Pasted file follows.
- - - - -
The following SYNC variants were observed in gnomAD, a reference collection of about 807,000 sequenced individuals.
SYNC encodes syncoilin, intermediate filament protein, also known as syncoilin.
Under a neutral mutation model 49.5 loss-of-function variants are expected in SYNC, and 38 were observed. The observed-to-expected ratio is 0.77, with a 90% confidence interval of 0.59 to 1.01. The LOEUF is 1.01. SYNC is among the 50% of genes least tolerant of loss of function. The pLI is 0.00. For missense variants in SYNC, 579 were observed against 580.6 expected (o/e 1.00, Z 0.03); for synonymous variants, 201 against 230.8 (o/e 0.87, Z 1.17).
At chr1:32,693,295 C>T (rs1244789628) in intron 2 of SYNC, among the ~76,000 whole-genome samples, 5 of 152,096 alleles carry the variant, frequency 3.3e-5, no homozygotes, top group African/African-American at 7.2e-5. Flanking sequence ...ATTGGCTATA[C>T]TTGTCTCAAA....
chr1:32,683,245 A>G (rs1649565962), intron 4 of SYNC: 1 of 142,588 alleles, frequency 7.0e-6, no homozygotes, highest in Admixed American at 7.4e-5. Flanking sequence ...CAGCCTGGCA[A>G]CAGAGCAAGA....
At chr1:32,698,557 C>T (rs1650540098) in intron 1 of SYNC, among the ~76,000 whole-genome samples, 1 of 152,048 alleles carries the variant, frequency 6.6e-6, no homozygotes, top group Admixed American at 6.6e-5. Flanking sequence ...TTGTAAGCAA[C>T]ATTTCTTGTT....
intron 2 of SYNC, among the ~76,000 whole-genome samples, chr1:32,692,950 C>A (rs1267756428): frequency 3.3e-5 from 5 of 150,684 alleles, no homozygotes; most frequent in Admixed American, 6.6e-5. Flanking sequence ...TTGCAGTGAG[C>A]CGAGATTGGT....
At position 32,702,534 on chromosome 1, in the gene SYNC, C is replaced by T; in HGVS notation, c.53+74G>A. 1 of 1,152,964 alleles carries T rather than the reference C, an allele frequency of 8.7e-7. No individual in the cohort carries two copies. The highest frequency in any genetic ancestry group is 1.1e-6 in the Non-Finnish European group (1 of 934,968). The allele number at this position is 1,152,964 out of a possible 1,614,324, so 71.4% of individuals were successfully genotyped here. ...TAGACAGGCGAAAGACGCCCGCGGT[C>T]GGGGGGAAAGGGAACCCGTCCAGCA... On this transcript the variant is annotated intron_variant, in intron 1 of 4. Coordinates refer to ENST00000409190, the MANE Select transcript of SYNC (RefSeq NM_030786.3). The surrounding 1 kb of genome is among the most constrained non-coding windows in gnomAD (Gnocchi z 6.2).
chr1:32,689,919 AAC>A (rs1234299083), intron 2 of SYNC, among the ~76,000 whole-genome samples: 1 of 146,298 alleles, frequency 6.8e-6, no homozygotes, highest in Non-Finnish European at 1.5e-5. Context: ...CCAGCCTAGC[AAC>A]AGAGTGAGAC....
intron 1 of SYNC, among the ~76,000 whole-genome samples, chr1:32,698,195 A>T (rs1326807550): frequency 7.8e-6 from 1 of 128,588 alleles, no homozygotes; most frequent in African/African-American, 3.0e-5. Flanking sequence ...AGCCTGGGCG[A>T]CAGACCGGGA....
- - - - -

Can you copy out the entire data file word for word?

The following SYNC variants were observed in gnomAD, a reference collection of about 807,000 sequenced individuals.
SYNC encodes syncoilin, intermediate filament protein, also known as syncoilin.
Under a neutral mutation model 49.5 loss-of-function variants are expected in SYNC, and 38 were observed. The observed-to-expected ratio is 0.77, with a 90% confidence interval of 0.59 to 1.01. The LOEUF is 1.01. SYNC is among the 50% of genes least tolerant of loss of function. The pLI is 0.00. For missense variants in SYNC, 579 were observed against 580.6 expected (o/e 1.00, Z 0.03); for synonymous variants, 201 against 230.8 (o/e 0.87, Z 1.17).
At chr1:32,693,295 C>T (rs1244789628) in intron 2 of SYNC, among the ~76,000 whole-genome samples, 5 of 152,096 alleles carry the variant, frequency 3.3e-5, no homozygotes, top group African/African-American at 7.2e-5. Flanking sequence ...ATTGGCTATA[C>T]TTGTCTCAAA....
chr1:32,683,245 A>G (rs1649565962), intron 4 of SYNC: 1 of 142,588 alleles, frequency 7.0e-6, no homozygotes, highest in Admixed American at 7.4e-5. Flanking sequence ...CAGCCTGGCA[A>G]CAGAGCAAGA....
At chr1:32,698,557 C>T (rs1650540098) in intron 1 of SYNC, among the ~76,000 whole-genome samples, 1 of 152,048 alleles carries the variant, frequency 6.6e-6, no homozygotes, top group Admixed American at 6.6e-5. Flanking sequence ...TTGTAAGCAA[C>T]ATTTCTTGTT....
intron 2 of SYNC, among the ~76,000 whole-genome samples, chr1:32,692,950 C>A (rs1267756428): frequency 3.3e-5 from 5 of 150,684 alleles, no homozygotes; most frequent in Admixed American, 6.6e-5. Flanking sequence ...TTGCAGTGAG[C>A]CGAGATTGGT....
At position 32,702,534 on chromosome 1, in the gene SYNC, C is replaced by T; in HGVS notation, c.53+74G>A. 1 of 1,152,964 alleles carries T rather than the reference C, an allele frequency of 8.7e-7. No individual in the cohort carries two copies. The highest frequency in any genetic ancestry group is 1.1e-6 in the Non-Finnish European group (1 of 934,968). The allele number at this position is 1,152,964 out of a possible 1,614,324, so 71.4% of individuals were successfully genotyped here. ...TAGACAGGCGAAAGACGCCCGCGGT[C>T]GGGGGGAAAGGGAACCCGTCCAGCA... On this transcript the variant is annotated intron_variant, in intron 1 of 4. Coordinates refer to ENST00000409190, the MANE Select transcript of SYNC (RefSeq NM_030786.3). The surrounding 1 kb of genome is among the most constrained non-coding windows in gnomAD (Gnocchi z 6.2).
chr1:32,689,919 AAC>A (rs1234299083), intron 2 of SYNC, among the ~76,000 whole-genome samples: 1 of 146,298 alleles, frequency 6.8e-6, no homozygotes, highest in Non-Finnish European at 1.5e-5. Context: ...CCAGCCTAGC[AAC>A]AGAGTGAGAC....
intron 1 of SYNC, among the ~76,000 whole-genome samples, chr1:32,698,195 A>T (rs1326807550): frequency 7.8e-6 from 1 of 128,588 alleles, no homozygotes; most frequent in African/African-American, 3.0e-5. Flanking sequence ...AGCCTGGGCG[A>T]CAGACCGGGA....